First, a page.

EVER found yourself reaching for a punctuation mark that just doesn’t exist, so you have to make something up?! <— like that.
Sure, we’re all familiar with the common crop of points, dashes and marks. But those are just the tip of the iceberg when it comes to punctuation.
There’s a whole range of little-known marks that have either been lost in the annals of time, or are used so infrequently they don’t even warrant a spot on your keyboard.
But as we communicate with each other more and more in writing, we reckon it’s about time some of these nifty guys came back.
The interrobang. Source: NewsComAu
My favourite. It’s like saying WTF and OMG at the same time.
The interrobang was apparently invented by an ad exec in the sixties, who believed advertisements would look better if surprise and query were expressed by one symbol.
Nowadays in informal communication, we tend to write ?! as two separate symbols because the interrobang never really took off as standard punctuation.
But it’s time for a resurgence, right?!
The asterism. Source: NewsComAu
It’s little wonder this guy never soared in popularity.
Although the asterism has a cool name and looks awesome, it’s not very useful.
It’s for indicating minor breaks in a text. It can also indicate that a text is untitled. Yawn.
Please suggest possible new uses to revive it today: How about it becomes the punctuation we use to indicate an awkward silence caused by someone texting something lame?
The dagger, and the double dagger. Source: NewsComAu
The undisputed bad boys of the punctuation scene.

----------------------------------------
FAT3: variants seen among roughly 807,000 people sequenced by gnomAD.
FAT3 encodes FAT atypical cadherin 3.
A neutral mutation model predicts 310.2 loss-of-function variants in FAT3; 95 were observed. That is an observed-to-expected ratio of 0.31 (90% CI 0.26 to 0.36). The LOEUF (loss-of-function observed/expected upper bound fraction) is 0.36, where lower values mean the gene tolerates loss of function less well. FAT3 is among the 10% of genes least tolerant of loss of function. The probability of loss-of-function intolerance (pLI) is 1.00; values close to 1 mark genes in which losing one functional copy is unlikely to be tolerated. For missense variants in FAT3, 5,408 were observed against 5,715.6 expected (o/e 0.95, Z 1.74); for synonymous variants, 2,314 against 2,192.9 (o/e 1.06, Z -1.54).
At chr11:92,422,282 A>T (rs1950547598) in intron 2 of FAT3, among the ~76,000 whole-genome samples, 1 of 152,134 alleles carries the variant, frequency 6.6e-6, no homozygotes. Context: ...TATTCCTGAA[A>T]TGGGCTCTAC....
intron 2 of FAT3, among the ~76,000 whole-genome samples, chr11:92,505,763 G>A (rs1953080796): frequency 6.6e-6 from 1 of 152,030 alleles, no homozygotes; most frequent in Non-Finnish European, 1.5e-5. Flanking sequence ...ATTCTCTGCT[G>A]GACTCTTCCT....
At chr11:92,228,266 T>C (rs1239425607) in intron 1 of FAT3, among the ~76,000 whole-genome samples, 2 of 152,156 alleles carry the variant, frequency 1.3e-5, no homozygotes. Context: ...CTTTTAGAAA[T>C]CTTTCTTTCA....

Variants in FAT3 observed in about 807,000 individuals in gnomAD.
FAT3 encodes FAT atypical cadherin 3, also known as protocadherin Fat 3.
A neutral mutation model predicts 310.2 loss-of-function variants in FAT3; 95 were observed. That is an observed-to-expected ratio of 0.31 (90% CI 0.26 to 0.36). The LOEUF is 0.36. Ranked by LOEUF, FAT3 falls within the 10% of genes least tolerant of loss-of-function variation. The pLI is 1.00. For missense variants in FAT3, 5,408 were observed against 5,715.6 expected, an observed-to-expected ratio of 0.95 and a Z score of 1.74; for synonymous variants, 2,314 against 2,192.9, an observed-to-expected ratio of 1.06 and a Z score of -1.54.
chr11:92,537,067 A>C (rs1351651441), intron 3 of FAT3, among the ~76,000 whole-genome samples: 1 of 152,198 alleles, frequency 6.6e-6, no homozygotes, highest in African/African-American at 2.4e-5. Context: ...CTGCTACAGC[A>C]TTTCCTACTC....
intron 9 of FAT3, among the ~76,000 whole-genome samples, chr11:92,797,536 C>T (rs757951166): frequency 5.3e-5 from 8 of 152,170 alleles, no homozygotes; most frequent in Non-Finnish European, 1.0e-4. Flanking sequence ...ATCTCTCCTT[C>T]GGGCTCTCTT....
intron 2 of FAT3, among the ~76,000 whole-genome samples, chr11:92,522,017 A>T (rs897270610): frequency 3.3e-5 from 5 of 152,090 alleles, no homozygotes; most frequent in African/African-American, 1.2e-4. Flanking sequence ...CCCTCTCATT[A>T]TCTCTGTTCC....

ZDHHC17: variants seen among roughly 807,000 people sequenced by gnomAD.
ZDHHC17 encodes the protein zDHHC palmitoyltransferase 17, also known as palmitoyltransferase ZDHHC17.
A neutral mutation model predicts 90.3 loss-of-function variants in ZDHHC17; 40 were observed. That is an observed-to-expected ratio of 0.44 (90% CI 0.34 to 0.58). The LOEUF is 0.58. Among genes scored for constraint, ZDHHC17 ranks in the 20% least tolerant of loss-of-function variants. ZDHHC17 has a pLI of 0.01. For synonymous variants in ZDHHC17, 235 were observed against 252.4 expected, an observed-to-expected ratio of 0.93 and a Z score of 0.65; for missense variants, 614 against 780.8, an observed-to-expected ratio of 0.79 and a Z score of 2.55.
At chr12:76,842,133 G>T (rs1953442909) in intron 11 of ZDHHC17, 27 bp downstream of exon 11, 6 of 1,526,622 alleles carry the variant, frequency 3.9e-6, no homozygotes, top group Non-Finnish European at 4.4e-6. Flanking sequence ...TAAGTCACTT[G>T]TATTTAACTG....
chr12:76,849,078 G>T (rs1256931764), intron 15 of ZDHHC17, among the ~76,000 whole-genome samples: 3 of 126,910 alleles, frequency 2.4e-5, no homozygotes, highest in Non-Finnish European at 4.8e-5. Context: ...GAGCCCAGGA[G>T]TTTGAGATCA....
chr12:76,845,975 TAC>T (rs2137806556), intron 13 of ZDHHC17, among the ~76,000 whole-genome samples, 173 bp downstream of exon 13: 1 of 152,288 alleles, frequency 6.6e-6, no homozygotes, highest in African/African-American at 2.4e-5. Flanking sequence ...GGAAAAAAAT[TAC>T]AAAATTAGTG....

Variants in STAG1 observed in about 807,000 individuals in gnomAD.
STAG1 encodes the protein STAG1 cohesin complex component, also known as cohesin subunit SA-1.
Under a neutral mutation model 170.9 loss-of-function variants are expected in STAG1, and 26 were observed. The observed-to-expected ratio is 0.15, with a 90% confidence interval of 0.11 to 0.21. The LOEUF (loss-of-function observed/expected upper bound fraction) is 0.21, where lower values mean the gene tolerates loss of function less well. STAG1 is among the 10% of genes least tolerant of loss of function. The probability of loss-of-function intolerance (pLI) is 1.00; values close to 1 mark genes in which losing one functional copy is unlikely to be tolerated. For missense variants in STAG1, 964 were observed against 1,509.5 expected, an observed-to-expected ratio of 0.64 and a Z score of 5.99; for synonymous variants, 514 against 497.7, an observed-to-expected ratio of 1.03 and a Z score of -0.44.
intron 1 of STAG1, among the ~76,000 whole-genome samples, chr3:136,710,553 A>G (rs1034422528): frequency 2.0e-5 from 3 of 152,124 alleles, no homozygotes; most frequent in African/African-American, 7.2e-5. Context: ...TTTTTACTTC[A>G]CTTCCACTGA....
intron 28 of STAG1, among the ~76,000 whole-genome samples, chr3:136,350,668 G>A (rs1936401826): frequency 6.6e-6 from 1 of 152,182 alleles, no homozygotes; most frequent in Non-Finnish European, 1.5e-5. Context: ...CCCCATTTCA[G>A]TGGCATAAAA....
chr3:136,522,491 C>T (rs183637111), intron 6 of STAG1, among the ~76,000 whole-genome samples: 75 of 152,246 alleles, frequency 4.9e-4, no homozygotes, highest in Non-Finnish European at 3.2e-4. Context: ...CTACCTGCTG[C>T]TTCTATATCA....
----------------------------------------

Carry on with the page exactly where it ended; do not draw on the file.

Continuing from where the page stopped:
It’s a shame these guys (which are technically typographical glyphs, and not punctuation marks) don’t have a more useful purpose, because they look pretty awesome.
Also called the obelisk, the dagger is used to cut out extraneous stuff from your text.
The because sign. Source: NewsComAu
This looks like an upside-down “therefore” sign and it means “because”.
That’s going to make your note-taking a bit quicker, now, isn’t it?
The exclamation comma Source: NewsComAu
Just because you’re excited about something, doesn’t mean the sentence has to end.
We give you: the exclamation comma.
The question comma Source: NewsComAu
Just like the exclamation comma above, but used for a mid-sentence question.
The snark Source: NewsComAu
Have you ever written a text message and wondered whether the recipient will pick up on your sarcasm?
The world totally needs a sarcasm font, we agree. But until that’s invented, try the snark.
Also knows as the irony mark and the percontation point, the snark is used at the end of a sentence to indicate that the sentence should be understood at a second level.
It’s been around since the late 16th century, but deserves to come of age today, in the era of Fights Started By Misinterpreted Sarcasm In Text Messages.